This leveraged buy-out (LBO) needed to raise the US$225-million sale price included Clayton & Dubilier, Kidder Peabody & Co., Solomon Brothers Inc. and notorious junk bond firm Drexel Burnham Lambert Inc. Yes, that firm that employed the stock pumping trader — Michael Milken. This was to be the printing industry’s largest deal ever.
Can we help you pack?
At the time of the transaction, it was reported the Web division represented about 24 percent of the sales and profits of Harris Corp., but the sale only represented “book value.” An odd announcement when it seemed everyone on Wall Street agreed this division had boasted a growth rate of 16 percent during the last several years. But in 1983 Harris Corp. just couldn’t close the sale fast enough – offering up employees, special deals on land and buildings – anything including, one suspects, helping Pruitt and the boys pack up their offices. Don’t let the door hit you on your way out!
Certainly there was nothing wrong with the product. Harris Web was legendary and engineered iconic presses such as the M200 and M300. The M1000 was the most popular heatset web press ever made. Harris seemed to have a sense that the growth of print was about to decline and moreover, electronics would be a much better horse to have in the race. Looking back now it’s remarkable to see Harris’s foresight. In 1982, Harris Corp. sales were $1.72 billion (all figures in U.S. dollars). Today it is a $6-billion business with no connection to its roots as a printing press builder in Ohio.
Onward and upward or so this new entity, renamed Harris Graphics, thought. These folks owned the world’s largest and most successful web manufacturer in the world and at a discount. Now laden with debt and fees from the bankers (Clayton – $3 million, Drexel – $1.75 million), the firm struggled. After all, we were coming out of a severe recession and building web presses was an expensive business.
A very short three years later, Harris Graphics would be sold again. Bridled with meagre cash flow, the company sought to go public and engineered an IPO during the summer of 1984. However a scathing article in the June 25th Barron’s newsletter downplayed the exuberance of Wall Street. Harris Graphics was pummelled for being cheeky and greedy boys and Barron’s questioned why anyone would want to pay such a high premium for stock from a company that just a year prior had bought the business on the cheap.
The IPO had friends, namely Ivan Boesky, the infamous stock trader. All the noise drew interest from an odd bed-fellow in Chicago. AM International, the new name for the old duplicator business of Addressograph-Multigraph, jumped in and bought Harris Graphics in June 1986 for $246-million, including $100-million of assumed debt. In December 1986, AM was subpoenaed by the Securities & Exchange Commission (SEC) for information about AM’s acquisition. This was due to the SEC’s probe into Drexel-Burnham-Lambert’s association with arbitrageur Boesky. Even though AM negotiations were secret, Boesky, it was learned, had already accumulated Harris Graphics stock and held as much as 8.4 percent by late October 1985. What a coincidence.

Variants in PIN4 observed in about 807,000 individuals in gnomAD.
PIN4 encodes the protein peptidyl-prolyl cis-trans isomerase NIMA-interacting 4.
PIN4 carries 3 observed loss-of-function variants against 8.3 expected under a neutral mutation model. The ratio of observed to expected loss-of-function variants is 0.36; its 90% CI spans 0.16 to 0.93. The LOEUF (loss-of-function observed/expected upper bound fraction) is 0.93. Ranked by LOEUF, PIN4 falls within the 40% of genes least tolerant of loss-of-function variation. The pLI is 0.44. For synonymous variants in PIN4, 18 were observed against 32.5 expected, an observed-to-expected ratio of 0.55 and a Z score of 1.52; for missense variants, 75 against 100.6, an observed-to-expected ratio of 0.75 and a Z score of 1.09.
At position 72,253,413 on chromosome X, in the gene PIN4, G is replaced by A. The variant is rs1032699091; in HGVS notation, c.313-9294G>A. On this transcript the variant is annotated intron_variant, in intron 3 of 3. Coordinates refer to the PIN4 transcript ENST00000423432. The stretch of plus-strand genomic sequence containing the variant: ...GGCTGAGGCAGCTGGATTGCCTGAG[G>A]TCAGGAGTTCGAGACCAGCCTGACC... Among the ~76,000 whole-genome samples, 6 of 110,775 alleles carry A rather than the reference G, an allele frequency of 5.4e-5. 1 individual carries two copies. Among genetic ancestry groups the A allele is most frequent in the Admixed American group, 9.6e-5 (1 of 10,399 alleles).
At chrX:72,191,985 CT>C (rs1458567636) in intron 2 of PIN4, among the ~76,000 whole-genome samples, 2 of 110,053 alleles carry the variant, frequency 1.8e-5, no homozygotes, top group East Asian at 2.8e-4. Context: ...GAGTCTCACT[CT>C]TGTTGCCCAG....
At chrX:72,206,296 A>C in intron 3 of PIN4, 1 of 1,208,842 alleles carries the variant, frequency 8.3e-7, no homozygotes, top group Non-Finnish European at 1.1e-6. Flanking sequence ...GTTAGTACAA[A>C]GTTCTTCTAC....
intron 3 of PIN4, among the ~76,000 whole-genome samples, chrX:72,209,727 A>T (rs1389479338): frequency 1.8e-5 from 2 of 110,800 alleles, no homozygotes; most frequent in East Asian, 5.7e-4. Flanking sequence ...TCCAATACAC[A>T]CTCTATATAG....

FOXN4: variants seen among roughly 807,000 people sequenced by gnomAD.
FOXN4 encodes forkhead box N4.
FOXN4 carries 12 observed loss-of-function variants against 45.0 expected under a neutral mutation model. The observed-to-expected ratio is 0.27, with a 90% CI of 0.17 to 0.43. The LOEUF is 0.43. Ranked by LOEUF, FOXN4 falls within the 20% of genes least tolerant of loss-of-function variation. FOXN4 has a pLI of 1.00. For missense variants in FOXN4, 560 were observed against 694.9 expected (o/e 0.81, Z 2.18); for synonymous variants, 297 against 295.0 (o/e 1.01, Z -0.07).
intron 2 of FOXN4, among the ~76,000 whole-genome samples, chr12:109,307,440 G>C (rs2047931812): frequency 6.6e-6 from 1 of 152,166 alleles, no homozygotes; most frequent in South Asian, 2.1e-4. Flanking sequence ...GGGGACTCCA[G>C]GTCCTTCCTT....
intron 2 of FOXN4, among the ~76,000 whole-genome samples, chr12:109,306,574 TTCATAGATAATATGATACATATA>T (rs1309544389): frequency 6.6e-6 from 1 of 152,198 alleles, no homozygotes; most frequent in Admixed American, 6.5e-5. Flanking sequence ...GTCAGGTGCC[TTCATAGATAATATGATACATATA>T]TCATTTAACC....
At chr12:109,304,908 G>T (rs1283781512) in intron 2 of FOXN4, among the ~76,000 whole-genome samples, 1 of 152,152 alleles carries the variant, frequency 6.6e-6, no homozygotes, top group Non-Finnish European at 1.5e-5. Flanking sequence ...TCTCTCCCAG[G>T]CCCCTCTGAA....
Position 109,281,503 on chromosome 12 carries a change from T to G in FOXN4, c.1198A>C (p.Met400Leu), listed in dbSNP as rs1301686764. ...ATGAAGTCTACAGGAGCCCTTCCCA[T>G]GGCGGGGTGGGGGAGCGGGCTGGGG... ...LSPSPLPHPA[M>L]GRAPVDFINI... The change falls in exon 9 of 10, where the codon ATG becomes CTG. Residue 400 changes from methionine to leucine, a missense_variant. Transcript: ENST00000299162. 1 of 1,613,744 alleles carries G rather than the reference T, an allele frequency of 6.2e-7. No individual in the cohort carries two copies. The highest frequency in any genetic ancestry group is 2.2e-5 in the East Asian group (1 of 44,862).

Have I got a deal for you!
Boesky, Drexel and financier Saul Steinberg had reaped fat profits on the Harris Graphics IPO, helping to pump the stock prior to a sale. Boesky was loosely characterized as Gordon Gekko in the movie Wall Street. It was also Boesky, who in 1986, would implicate Michael Milken before he himself was imprisoned and forking over a $100-million fine. Not to be outdone, the attorney for the southern district of New York, Rudy Giuliani, honed in on Milken for which Milken too went to jail. No accusations were ever brought against these men or AM International.
The ramp-up to AM’s purchase actually began in May 1985 when the billionaire Bass family of Texas made a play for Harris at $17 per share. Bass would go on to sell New York’s Plaza Hotel to Donald Trump in 1988. AM swooped in and paid $22 per share ($246 million) in 1986.
AM quickly figured out web press margins weren’t what it hoped. Adding to the misery they had a bunch of other serious technical problems, especially in the Fort Worth plant, that were dragging down the business. There would seem to be a fissure between competence and ineptitude at AM from the start.
Prior to summer 1987, Komori Printing Machinery Co., Ltd. (now Komori Corporation) began to sniff around the AM/Harris business. Komori attempted overtures to AM’s CEO Merle Banta and at the same time quietly started accumulating AM stock.
In fact Komori owned 3.9 million shares or 7.6 percent of AM by the time it turned up the heat. Initially Banta re-buffed Komori. Then came an offer — $181 million cash plus Komori’s AM stock and assumption of $52 million in debt totalling $250 million. Banta and AM gleefully accepted and the house was sold! Or was it? Both parties would go on to sign a non-binding letter of intent. That last bit would prove to be the chink in the armour of a deal. The suave move buying up stock was the only reason AM would sit down with Komori in the first place. Earlier attempts by Komori had been loudly rejected.